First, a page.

The post of my review of Hugo’s exhibition attracted a number of comments by people who felt compelled to demonstrate his ‘unoriginality’ by listing a number of potential predecessors (who were all deemed more superior).  I found this particularly interesting but also a futile activity as every artist has a slew of precursors - even those rare individuals deemed to have set art on a completely new course. I am not defending Hugo’s work – but the principles at stake here. I suppose because photography and its potential within the art realm is only just being explored in this country, there is this expectation of the new – that each photographer/artist is compelled to employ it in a distinctive and original way (albeit that the evolution of photography has already played out elsewhere in the world).

This is a particularly difficult objective for those who straddle the social documentary genre, such as Hugo, as off-beat or shocking social phenomenon attract a particular brand of photographer like flies. When I was a judge for the Bonani Africa Photographic competition last year this actuality came sharply into focus.   Of course, there is a distinction between subject-matter and its treatment thereof. In light of this I would argue that Hugo’s series in Ghana is completely different to Ouedraogo’s – even the portrait with the smoke. Hugo is more concerned with the subjects (and portraiture) who inhabit this post-apocalyptic territory, whereas Ouedraogo seems to be giving a broader perspective, encompassing different aspects of this phenomenon and its impact on the landscape: such as the photograph of a bridge over a river of electronic waste.

Because this site evokes quite an obvious discourse centred on unequal power relations between the West and Africa, I suppose the question should be: are Hugo and Ouedraogo saying the same thing? What do you think?

BTW: Just one last little, ironic point: Ouedraogo is so averse to his images being copied in any way that I had to call in an IT expert to help link the above image from his website (he has code in place to ensure that you can’t even do a screengrab) onto this page. I suppose he might be outraged to see Hugo’s series.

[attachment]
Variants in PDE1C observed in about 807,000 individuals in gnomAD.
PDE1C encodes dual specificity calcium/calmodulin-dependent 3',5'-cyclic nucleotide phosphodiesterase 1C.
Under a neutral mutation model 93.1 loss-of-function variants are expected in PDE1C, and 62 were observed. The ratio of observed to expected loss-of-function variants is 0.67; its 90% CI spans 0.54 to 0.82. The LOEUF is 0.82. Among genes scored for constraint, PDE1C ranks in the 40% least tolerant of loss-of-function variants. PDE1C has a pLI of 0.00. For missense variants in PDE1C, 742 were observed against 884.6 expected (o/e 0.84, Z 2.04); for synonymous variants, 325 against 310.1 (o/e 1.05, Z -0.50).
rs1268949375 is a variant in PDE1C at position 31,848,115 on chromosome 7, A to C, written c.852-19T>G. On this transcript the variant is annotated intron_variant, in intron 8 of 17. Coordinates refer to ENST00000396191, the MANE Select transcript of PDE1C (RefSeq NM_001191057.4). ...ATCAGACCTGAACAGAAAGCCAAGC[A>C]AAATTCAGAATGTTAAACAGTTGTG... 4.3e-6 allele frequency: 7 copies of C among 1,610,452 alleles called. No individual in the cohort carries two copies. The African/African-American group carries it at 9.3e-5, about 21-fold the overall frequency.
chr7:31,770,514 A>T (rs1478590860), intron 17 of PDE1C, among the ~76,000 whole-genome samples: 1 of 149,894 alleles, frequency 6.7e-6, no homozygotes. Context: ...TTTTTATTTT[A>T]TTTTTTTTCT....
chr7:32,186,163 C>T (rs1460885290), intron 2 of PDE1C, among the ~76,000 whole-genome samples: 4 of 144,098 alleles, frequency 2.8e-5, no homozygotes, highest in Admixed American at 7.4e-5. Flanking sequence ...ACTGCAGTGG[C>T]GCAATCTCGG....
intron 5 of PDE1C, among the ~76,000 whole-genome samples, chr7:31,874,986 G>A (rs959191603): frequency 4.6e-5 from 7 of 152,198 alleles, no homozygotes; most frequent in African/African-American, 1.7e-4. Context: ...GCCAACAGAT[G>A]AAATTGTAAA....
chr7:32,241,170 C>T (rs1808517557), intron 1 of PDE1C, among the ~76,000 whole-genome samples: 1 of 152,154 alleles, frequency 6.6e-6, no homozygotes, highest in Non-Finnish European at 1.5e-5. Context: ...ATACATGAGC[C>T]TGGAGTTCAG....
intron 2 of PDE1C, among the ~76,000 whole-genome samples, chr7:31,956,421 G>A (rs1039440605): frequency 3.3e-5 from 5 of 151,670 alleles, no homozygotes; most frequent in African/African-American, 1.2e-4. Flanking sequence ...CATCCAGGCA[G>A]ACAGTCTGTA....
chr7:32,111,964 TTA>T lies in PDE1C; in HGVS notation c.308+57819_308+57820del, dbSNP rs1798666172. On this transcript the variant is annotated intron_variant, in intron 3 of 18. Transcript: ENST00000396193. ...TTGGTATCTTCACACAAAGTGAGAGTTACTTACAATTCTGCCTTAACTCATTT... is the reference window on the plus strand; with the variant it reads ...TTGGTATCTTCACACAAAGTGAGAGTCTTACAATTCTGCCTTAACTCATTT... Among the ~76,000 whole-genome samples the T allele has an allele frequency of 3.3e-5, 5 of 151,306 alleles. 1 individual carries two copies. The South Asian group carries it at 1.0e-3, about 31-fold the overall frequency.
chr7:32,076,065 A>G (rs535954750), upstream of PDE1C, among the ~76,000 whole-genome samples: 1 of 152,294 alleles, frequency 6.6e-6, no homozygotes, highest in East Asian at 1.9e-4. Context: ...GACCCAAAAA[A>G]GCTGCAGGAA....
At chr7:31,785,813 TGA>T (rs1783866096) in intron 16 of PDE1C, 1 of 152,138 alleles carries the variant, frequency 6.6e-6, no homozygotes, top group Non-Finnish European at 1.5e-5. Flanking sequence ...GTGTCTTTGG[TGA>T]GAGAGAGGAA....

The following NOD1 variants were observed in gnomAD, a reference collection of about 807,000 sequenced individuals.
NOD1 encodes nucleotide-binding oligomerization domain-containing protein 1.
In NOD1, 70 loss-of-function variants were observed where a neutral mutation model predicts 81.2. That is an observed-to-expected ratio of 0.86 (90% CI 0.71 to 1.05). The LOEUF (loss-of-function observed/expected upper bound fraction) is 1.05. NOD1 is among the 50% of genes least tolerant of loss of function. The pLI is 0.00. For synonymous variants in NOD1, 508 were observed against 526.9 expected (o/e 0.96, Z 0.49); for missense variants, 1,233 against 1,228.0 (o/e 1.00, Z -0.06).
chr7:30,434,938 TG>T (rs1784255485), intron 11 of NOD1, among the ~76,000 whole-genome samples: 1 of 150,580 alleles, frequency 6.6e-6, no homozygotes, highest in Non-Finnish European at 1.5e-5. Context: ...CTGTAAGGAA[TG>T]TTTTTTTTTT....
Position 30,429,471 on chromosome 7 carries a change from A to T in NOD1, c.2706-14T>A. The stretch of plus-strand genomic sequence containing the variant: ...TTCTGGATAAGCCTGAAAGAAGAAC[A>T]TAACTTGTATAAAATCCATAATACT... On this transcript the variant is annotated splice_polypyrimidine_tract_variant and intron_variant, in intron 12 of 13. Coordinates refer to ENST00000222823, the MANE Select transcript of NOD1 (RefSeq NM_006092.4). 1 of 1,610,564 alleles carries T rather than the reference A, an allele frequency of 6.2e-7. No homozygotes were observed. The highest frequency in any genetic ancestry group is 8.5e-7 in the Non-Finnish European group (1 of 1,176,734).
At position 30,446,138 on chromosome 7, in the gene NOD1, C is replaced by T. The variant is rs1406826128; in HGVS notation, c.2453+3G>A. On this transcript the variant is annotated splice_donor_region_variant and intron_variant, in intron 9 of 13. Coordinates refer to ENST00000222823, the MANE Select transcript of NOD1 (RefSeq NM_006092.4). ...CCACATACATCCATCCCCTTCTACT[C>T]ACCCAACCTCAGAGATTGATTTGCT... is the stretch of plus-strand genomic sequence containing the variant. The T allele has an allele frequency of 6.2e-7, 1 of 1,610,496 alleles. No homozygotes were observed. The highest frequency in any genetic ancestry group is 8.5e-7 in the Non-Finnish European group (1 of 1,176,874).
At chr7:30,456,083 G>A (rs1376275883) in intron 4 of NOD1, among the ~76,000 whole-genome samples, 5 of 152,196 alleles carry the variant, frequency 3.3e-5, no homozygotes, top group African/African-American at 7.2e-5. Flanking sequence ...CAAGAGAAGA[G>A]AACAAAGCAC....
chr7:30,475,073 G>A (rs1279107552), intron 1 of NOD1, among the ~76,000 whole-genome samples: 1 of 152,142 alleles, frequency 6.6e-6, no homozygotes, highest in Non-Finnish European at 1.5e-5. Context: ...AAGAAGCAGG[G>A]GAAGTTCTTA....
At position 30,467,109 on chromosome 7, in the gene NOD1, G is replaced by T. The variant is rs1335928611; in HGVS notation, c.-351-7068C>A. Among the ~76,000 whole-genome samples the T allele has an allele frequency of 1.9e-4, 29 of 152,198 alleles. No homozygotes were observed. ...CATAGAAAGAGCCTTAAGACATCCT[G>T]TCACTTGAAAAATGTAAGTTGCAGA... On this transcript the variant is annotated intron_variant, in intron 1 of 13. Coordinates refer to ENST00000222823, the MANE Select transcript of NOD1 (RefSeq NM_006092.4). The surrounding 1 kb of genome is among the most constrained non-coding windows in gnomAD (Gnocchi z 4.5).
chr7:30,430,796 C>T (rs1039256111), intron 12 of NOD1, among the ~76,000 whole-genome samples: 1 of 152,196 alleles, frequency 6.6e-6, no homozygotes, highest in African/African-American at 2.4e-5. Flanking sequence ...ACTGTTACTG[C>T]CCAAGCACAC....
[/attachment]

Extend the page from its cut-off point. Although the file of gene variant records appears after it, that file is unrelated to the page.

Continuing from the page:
Monday, January 3, 2011

Brett Murray's angry retort falls short

Anger often bypasses reason as it circulates around the mind, gathering energy to force an explosion. Hail to the Thief is just such an explosion. It is not that Brett Murray’s anger is unreasonable: like many South Africans he is enraged by the pervasive level of corruption that has permeated the ruling party. Certainly, it is an inescapable phenomenon of our times. One cannot open a newspaper without being confronted with another story detailing how government or ANC members have exploited their position to line their own pockets. That few individuals are ever held accountable has compounded the sense of outrage that so many justifiably experience.

This perhaps might explain why Murray says the same thing over and over again in this exhibition: he is paralysed by an overwhelming sense of disbelief and powerlessness. An ANC logo is emblazoned with the phrase “For Sale”. “Cash is King” is a slogan that appears below a stylised rendition of Zuma, rendered to resemble a famous poster of Vladmir Lenin, the first leader of the communist Soviet Union. “Join the Tender Party” is the phrase that emblazons a wooden sculpture that is designed to appear like a poster. Like the former artwork Murray draws its language from communist visual and textual rhetoric. In another work Murray borrows the title from F. Scott Fitzgerald’s, Tender is the Night, except here the word “tender” is repeated over and over.

By repeatedly stating the phenomenon Murray evokes or replicates the habitual nature of the corrupt behaviour that all these morally twisted politicos and their collaborators engage in. Consequently this exhibition is almost as excessive as the behaviour it critiques. Certainly some of the visual forms that Murray uses, such as the oversized gold leaf and aluminium coat of arms that dominate walls around the gallery, suggest that he has assumed a mode of expression that mimics the opulent lifestyles which either drive such widespread corruption among the country’s new elite or is a manifestation of extreme wealth.